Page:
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          3. Please do not take my following comment as personal of judgemental.

            History is all about sheep being led by their masters or leaders. I prefer a leader who does not waver on a path that leads me to be slaughtered.

            I prefer a leader who looks after his sheep and guided them away from people who are wolf’s disguised as sheep.

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          4. @anon

            Your comment reminds me of Gary Larson’s old Farside comic where all the wolves in a what had appeared like a flock of sheep start taking off their sheep costumes, and one of the wolves says, “Wait a minute. Are there any actual sheep here?”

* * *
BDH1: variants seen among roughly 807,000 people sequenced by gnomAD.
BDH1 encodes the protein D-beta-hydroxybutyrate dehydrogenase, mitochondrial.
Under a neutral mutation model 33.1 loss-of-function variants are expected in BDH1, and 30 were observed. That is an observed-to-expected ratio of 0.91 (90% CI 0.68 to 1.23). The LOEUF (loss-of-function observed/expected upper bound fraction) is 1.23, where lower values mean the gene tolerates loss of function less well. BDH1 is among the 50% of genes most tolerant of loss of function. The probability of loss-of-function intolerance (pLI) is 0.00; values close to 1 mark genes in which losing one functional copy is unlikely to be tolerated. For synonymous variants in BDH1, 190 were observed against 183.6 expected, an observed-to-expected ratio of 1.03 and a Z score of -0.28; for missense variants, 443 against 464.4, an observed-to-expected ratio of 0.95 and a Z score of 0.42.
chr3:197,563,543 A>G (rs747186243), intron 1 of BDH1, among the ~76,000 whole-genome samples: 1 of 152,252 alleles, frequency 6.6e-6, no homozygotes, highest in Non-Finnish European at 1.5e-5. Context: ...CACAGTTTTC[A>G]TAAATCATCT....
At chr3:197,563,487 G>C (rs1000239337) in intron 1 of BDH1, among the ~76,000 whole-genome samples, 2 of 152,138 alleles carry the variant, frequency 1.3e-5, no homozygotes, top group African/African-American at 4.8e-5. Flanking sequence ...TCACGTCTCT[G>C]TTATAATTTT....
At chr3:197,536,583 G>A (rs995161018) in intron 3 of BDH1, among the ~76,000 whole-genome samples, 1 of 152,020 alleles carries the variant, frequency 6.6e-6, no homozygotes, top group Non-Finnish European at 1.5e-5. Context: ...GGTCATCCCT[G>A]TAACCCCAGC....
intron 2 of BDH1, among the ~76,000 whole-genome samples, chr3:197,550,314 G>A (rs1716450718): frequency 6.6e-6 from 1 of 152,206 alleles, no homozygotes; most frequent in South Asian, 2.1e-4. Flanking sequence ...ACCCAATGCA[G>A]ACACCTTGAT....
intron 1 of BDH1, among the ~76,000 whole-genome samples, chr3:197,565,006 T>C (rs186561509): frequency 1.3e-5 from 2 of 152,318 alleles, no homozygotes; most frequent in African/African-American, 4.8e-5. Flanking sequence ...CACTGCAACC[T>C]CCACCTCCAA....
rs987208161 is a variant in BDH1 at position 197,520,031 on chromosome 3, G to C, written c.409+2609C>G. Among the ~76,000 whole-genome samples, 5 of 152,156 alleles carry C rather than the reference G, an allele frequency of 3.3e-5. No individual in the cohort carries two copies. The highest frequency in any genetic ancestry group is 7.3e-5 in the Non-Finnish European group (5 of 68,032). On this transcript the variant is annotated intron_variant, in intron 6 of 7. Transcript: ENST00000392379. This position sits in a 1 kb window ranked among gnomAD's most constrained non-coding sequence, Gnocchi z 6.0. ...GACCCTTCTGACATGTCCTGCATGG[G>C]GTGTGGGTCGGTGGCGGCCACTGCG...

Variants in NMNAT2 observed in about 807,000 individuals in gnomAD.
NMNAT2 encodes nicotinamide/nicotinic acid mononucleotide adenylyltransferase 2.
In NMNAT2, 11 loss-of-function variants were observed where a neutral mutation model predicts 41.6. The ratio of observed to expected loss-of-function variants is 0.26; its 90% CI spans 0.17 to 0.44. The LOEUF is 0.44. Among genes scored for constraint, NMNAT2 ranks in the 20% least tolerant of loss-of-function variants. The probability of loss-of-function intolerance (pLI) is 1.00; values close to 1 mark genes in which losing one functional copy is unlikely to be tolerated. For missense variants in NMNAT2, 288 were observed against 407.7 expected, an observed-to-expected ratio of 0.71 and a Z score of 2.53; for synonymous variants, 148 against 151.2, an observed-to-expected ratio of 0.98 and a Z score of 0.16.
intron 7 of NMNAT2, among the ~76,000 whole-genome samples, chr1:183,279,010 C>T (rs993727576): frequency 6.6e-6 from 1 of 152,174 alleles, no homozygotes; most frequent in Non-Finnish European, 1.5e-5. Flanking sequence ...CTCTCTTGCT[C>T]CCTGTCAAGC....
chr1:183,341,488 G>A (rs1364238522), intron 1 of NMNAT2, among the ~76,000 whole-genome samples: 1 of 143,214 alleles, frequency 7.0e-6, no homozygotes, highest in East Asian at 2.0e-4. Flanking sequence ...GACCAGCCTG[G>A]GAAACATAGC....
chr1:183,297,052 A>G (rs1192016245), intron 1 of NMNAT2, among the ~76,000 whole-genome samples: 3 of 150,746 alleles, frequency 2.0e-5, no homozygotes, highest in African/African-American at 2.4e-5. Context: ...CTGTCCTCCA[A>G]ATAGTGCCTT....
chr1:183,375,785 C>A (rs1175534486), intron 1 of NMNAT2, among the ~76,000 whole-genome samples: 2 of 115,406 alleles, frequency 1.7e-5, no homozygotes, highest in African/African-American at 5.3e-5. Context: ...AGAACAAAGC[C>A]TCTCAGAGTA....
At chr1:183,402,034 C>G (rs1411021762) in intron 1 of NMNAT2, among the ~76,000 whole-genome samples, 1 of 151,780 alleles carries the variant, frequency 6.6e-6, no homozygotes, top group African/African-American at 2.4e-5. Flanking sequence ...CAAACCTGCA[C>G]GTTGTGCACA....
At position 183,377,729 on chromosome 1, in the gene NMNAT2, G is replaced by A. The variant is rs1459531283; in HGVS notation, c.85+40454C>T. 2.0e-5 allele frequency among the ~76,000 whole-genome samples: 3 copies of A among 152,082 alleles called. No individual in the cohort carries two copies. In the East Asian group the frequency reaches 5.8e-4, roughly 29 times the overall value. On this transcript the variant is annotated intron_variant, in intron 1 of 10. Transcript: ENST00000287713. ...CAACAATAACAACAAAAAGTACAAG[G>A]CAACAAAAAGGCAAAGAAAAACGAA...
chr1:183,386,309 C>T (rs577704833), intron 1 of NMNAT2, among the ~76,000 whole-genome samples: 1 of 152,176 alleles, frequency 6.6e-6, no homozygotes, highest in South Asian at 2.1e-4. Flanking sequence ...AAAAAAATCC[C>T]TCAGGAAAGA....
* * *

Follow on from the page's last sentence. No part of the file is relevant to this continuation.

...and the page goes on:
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  3. Socialism is an actual definable word. Capitalism is also an actual definable word. In both cases, the words are defined more in terms of economics than as to form of government. (The fastest growing market economy in the world right now, China, is essentially an a centralized one party oligarchy). In practice, there is no pure form of either pure capitalism or pure socialism in representative democracies around the world. What actually seems to work best seems to be an imperfect balance between government provided goods and services and a well regulated (but not over regulated) market based capitalism.